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Possessive Investment In Whiteness por…
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Possessive Investment In Whiteness (edição 1998)

por George Lipsitz (Autor)

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249181,406 (3.69)15
An unflinching look at white supremacy revealing the many ways that white people profit from identity politics and group privileges
Membro:kishab
Título:Possessive Investment In Whiteness
Autores:George Lipsitz (Autor)
Informação:Temple University Press (1998), Edition: 1st, 296 pages
Colecções:A sua biblioteca
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Etiquetas:privilege-systemic-racism

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The Possessive Investment in Whiteness: How White People Profit from Identity Politics, Revised and Expanded Edition por George Lipsitz

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In The Possessive Investment in Whiteness: How White People Profit from Identity Politics, Revised and Expanded Edition, George Lipsitz “argues that public policy and private prejudice work together to create a ‘possessive investment in whiteness’ that is responsible for the racialized hierarchies of our society” (pg. vii). He further argues, “White Americans are encouraged to invest in whiteness, to remain true to an identity that provides them with resources, power, and opportunity” (pg. vii). He contends, “The artificial construction of whiteness almost always comes to possess white people themselves unless they develop antiracist identities, unless they disinvest and divest themselves of their investments in white supremacy” (pg. viii). Lipsitz writes, “Race is a cultural construct, but one with deadly social causes and consequences. Conscious and deliberate actions have institutionalized group identity in the United States, not just through the dissemination of cultural stories, but also through the creation of social structures that generate economic advantages for European Americans through the possessive investment in whiteness” (pg. 2). Finally, he argues, “The increased possessive investment in whiteness generated by disinvestment in U.S. cities, factories, and schools since the 1970s disguises as racial problems the general social problems posed by deindustrialization, economic, restructuring, and neoconservative attacks on the welfare state and the social wage. It fuels a discourse that demonizes people of color for being victimized by these changes, while hiding the privileges of whiteness” (pg. 18).
Lipsitz writes, “Whitness has a value in our society. Its value originates not in the wisdom of white home buyers or the improvements they have made on their properties, but from the ways in which patterns of bad faith and nonenforcement of antidiscrimination laws have enabled the beneficiaries of past and present discrimination to protect their gains and pass them on the succeeding generations” (pg. 33). Discussing the memory of war, Lipsitz writes, “The deployment of memories about World War II as a ‘good war’ also rested on nostalgia for a preintegration America, when segregation in the military meant that most war heroes were white, while de jure and de facto segregation on the home front channeled the fruits and benefits of victory disproportionately to white citizens” (pg. 76). Turning to neoconservatives’ like Charles Murray and Dinesh D’Souza, he writes, “Their efforts to portray the victims of racism as the beneficiaries of unearned privileges given to them because of their race hide the history of the possessive investment in whiteness and invert the history of racial politics in the United States” (pg. 96). He continues, “Whitness does its work in the United States as a structured advantage, as a built-in bias that prevents hard-working people from securing just rewards for their labor and ingenuity. It produces unfair gains and unjust rewards for all whites, although not uniformly and equally. As a matter of justice, whites should be interested in abolishing it, in relinquishing the unfair gains and unearned enrichments that flow from it” (pg. 106). Further, “The neoconservatism of our time has not only widened the gap between rich and poor, between whites and communitites of color, but it has also encouraged the growth of a vigilante mentality, as violent and sadistic as the crimes it purports to oppose” (pg. 145). Viewing the consumption of minority-produced as a form of romanticism, Lipsitz writes, “This romanticism contributes to the possessive investment in whiteness by maintaining the illusion that individual whites can appropriate aspects of African American experience for their own benefit without having to acknowledge the factors that gave African Americans and European Americans widely divergent opportunities and life chances” (pg. 120). ( )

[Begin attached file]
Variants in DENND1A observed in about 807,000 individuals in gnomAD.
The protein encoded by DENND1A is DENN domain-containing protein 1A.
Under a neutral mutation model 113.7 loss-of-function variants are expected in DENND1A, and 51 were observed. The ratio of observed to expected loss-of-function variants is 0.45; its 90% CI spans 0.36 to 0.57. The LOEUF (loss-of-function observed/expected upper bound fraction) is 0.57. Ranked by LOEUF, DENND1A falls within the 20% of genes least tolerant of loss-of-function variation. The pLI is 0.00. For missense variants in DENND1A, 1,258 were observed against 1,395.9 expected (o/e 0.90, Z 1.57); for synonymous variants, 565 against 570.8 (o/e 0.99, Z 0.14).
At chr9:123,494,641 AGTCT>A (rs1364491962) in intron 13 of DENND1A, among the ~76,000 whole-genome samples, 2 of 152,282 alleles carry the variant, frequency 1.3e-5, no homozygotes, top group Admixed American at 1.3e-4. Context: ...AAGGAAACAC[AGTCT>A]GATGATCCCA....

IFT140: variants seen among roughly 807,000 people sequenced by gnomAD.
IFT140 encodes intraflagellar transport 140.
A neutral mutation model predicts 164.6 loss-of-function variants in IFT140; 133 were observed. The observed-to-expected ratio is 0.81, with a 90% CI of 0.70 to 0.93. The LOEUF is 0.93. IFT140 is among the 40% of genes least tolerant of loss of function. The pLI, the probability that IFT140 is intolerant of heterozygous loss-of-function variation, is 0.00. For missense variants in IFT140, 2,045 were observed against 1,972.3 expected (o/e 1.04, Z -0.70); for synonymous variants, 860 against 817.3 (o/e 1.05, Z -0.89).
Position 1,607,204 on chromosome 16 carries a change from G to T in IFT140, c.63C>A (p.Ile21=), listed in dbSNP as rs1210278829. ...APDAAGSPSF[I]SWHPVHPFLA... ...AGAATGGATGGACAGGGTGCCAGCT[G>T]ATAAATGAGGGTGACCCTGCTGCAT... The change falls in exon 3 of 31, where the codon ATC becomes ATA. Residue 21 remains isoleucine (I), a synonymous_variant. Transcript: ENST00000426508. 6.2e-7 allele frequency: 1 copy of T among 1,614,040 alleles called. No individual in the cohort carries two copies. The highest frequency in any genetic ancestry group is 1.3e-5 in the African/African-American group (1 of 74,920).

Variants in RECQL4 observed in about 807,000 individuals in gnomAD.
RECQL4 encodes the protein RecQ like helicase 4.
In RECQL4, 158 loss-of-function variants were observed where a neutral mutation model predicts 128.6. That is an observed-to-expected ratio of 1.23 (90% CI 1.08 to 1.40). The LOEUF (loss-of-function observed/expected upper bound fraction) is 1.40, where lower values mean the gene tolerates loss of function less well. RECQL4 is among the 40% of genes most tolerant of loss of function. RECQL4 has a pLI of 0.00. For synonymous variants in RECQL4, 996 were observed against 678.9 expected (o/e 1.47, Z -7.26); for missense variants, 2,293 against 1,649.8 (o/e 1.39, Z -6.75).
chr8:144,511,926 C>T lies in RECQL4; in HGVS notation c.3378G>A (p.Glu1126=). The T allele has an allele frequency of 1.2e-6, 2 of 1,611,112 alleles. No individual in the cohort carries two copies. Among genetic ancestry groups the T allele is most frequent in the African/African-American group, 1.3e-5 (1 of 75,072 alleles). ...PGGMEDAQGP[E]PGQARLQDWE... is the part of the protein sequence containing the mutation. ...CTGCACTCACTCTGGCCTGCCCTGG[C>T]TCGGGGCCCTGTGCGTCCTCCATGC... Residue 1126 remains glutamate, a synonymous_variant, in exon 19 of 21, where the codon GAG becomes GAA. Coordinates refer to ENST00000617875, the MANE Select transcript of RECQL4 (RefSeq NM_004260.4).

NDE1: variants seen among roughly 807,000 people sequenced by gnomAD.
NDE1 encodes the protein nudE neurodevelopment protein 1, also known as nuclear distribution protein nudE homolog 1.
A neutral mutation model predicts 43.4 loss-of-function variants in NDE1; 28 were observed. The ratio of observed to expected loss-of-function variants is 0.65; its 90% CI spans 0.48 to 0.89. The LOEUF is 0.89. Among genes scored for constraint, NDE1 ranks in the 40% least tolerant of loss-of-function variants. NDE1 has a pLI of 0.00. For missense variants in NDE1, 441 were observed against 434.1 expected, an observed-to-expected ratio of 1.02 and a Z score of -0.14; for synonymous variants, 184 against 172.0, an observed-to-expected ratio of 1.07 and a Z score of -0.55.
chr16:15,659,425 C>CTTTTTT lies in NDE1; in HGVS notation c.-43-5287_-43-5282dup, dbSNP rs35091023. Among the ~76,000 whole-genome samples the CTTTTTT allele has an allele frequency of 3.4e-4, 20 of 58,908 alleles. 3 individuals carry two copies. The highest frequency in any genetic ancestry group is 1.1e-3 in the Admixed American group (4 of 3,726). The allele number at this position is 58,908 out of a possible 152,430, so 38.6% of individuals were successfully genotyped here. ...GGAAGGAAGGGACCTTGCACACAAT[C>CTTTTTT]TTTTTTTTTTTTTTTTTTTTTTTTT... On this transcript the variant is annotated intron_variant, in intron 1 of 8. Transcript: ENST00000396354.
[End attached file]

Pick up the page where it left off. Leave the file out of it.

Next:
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An unflinching look at white supremacy revealing the many ways that white people profit from identity politics and group privileges

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